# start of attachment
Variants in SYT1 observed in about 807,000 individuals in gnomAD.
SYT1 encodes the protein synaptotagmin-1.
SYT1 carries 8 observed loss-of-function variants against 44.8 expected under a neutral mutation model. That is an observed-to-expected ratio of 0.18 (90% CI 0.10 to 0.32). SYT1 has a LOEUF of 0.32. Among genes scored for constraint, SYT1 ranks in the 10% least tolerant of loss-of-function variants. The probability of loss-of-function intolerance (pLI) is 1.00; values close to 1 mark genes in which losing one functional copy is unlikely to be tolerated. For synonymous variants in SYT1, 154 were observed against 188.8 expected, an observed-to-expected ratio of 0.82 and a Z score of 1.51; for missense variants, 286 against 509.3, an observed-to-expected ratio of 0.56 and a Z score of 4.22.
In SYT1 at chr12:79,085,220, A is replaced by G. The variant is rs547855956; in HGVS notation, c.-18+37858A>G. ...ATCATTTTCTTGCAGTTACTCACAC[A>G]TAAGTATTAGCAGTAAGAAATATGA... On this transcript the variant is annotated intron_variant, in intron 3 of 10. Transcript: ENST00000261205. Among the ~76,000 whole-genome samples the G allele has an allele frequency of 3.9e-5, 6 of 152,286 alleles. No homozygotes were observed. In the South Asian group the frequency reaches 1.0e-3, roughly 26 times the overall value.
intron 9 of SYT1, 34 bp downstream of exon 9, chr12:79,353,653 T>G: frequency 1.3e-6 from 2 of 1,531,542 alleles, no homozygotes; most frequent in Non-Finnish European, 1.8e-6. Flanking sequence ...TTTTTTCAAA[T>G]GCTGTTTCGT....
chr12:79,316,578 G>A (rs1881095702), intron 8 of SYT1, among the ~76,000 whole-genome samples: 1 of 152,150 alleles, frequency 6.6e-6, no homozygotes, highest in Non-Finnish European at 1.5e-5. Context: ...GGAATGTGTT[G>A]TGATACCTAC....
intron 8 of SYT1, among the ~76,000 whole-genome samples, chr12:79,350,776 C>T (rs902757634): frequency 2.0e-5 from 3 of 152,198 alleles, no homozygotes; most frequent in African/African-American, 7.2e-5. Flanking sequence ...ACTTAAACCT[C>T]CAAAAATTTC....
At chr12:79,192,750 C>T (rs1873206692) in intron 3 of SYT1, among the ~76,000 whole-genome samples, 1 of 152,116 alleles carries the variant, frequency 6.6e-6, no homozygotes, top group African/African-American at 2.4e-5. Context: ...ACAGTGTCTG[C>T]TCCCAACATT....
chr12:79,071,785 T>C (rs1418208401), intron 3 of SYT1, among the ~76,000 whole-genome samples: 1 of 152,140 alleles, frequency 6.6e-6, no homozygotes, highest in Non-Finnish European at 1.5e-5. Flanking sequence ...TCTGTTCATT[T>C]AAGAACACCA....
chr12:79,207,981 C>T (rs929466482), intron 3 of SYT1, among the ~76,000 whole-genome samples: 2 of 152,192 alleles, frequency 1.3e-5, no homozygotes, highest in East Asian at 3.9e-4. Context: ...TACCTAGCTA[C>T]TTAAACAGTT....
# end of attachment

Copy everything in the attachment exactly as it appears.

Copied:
Variants in SYT1 observed in about 807,000 individuals in gnomAD.
SYT1 encodes the protein synaptotagmin-1.
SYT1 carries 8 observed loss-of-function variants against 44.8 expected under a neutral mutation model. That is an observed-to-expected ratio of 0.18 (90% CI 0.10 to 0.32). SYT1 has a LOEUF of 0.32. Among genes scored for constraint, SYT1 ranks in the 10% least tolerant of loss-of-function variants. The probability of loss-of-function intolerance (pLI) is 1.00; values close to 1 mark genes in which losing one functional copy is unlikely to be tolerated. For synonymous variants in SYT1, 154 were observed against 188.8 expected, an observed-to-expected ratio of 0.82 and a Z score of 1.51; for missense variants, 286 against 509.3, an observed-to-expected ratio of 0.56 and a Z score of 4.22.
In SYT1 at chr12:79,085,220, A is replaced by G. The variant is rs547855956; in HGVS notation, c.-18+37858A>G. ...ATCATTTTCTTGCAGTTACTCACAC[A>G]TAAGTATTAGCAGTAAGAAATATGA... On this transcript the variant is annotated intron_variant, in intron 3 of 10. Transcript: ENST00000261205. Among the ~76,000 whole-genome samples the G allele has an allele frequency of 3.9e-5, 6 of 152,286 alleles. No homozygotes were observed. In the South Asian group the frequency reaches 1.0e-3, roughly 26 times the overall value.
intron 9 of SYT1, 34 bp downstream of exon 9, chr12:79,353,653 T>G: frequency 1.3e-6 from 2 of 1,531,542 alleles, no homozygotes; most frequent in Non-Finnish European, 1.8e-6. Flanking sequence ...TTTTTTCAAA[T>G]GCTGTTTCGT....
chr12:79,316,578 G>A (rs1881095702), intron 8 of SYT1, among the ~76,000 whole-genome samples: 1 of 152,150 alleles, frequency 6.6e-6, no homozygotes, highest in Non-Finnish European at 1.5e-5. Context: ...GGAATGTGTT[G>A]TGATACCTAC....
intron 8 of SYT1, among the ~76,000 whole-genome samples, chr12:79,350,776 C>T (rs902757634): frequency 2.0e-5 from 3 of 152,198 alleles, no homozygotes; most frequent in African/African-American, 7.2e-5. Flanking sequence ...ACTTAAACCT[C>T]CAAAAATTTC....
At chr12:79,192,750 C>T (rs1873206692) in intron 3 of SYT1, among the ~76,000 whole-genome samples, 1 of 152,116 alleles carries the variant, frequency 6.6e-6, no homozygotes, top group African/African-American at 2.4e-5. Context: ...ACAGTGTCTG[C>T]TCCCAACATT....
chr12:79,071,785 T>C (rs1418208401), intron 3 of SYT1, among the ~76,000 whole-genome samples: 1 of 152,140 alleles, frequency 6.6e-6, no homozygotes, highest in Non-Finnish European at 1.5e-5. Flanking sequence ...TCTGTTCATT[T>C]AAGAACACCA....
chr12:79,207,981 C>T (rs929466482), intron 3 of SYT1, among the ~76,000 whole-genome samples: 2 of 152,192 alleles, frequency 1.3e-5, no homozygotes, highest in East Asian at 3.9e-4. Context: ...TACCTAGCTA[C>T]TTAAACAGTT....